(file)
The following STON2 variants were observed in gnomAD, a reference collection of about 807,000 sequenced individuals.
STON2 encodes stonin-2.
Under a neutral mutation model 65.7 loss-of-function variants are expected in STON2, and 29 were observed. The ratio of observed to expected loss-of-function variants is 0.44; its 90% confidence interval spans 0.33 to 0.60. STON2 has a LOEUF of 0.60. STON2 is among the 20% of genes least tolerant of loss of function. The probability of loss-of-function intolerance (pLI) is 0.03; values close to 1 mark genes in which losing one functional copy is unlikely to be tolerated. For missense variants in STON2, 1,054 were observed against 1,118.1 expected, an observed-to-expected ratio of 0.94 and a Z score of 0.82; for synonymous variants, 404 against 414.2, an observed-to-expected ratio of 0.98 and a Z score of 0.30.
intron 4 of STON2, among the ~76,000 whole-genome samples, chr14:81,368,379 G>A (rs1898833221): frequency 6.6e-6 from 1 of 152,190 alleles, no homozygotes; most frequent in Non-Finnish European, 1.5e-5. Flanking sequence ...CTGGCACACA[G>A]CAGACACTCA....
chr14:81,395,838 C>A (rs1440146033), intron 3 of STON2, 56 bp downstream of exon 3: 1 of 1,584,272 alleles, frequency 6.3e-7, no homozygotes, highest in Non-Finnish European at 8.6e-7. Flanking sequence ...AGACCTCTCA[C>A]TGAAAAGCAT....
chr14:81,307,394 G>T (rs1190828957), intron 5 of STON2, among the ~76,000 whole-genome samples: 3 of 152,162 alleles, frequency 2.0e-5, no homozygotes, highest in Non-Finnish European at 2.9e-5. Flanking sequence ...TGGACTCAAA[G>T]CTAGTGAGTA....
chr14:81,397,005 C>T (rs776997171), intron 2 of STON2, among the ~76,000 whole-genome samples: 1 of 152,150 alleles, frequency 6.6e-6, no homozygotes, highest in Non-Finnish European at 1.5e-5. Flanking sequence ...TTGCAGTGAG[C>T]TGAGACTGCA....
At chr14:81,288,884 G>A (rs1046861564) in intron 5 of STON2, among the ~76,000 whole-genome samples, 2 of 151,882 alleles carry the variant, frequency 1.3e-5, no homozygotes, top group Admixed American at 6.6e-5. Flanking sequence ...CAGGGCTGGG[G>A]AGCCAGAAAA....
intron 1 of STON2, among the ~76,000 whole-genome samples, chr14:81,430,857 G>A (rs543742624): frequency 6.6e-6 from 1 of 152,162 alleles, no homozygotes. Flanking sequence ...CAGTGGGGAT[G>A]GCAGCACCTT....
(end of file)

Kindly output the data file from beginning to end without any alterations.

The following STON2 variants were observed in gnomAD, a reference collection of about 807,000 sequenced individuals.
STON2 encodes stonin-2.
Under a neutral mutation model 65.7 loss-of-function variants are expected in STON2, and 29 were observed. The ratio of observed to expected loss-of-function variants is 0.44; its 90% confidence interval spans 0.33 to 0.60. STON2 has a LOEUF of 0.60. STON2 is among the 20% of genes least tolerant of loss of function. The probability of loss-of-function intolerance (pLI) is 0.03; values close to 1 mark genes in which losing one functional copy is unlikely to be tolerated. For missense variants in STON2, 1,054 were observed against 1,118.1 expected, an observed-to-expected ratio of 0.94 and a Z score of 0.82; for synonymous variants, 404 against 414.2, an observed-to-expected ratio of 0.98 and a Z score of 0.30.
intron 4 of STON2, among the ~76,000 whole-genome samples, chr14:81,368,379 G>A (rs1898833221): frequency 6.6e-6 from 1 of 152,190 alleles, no homozygotes; most frequent in Non-Finnish European, 1.5e-5. Flanking sequence ...CTGGCACACA[G>A]CAGACACTCA....
chr14:81,395,838 C>A (rs1440146033), intron 3 of STON2, 56 bp downstream of exon 3: 1 of 1,584,272 alleles, frequency 6.3e-7, no homozygotes, highest in Non-Finnish European at 8.6e-7. Flanking sequence ...AGACCTCTCA[C>A]TGAAAAGCAT....
chr14:81,307,394 G>T (rs1190828957), intron 5 of STON2, among the ~76,000 whole-genome samples: 3 of 152,162 alleles, frequency 2.0e-5, no homozygotes, highest in Non-Finnish European at 2.9e-5. Flanking sequence ...TGGACTCAAA[G>T]CTAGTGAGTA....
chr14:81,397,005 C>T (rs776997171), intron 2 of STON2, among the ~76,000 whole-genome samples: 1 of 152,150 alleles, frequency 6.6e-6, no homozygotes, highest in Non-Finnish European at 1.5e-5. Flanking sequence ...TTGCAGTGAG[C>T]TGAGACTGCA....
At chr14:81,288,884 G>A (rs1046861564) in intron 5 of STON2, among the ~76,000 whole-genome samples, 2 of 151,882 alleles carry the variant, frequency 1.3e-5, no homozygotes, top group Admixed American at 6.6e-5. Flanking sequence ...CAGGGCTGGG[G>A]AGCCAGAAAA....
intron 1 of STON2, among the ~76,000 whole-genome samples, chr14:81,430,857 G>A (rs543742624): frequency 6.6e-6 from 1 of 152,162 alleles, no homozygotes. Flanking sequence ...CAGTGGGGAT[G>A]GCAGCACCTT....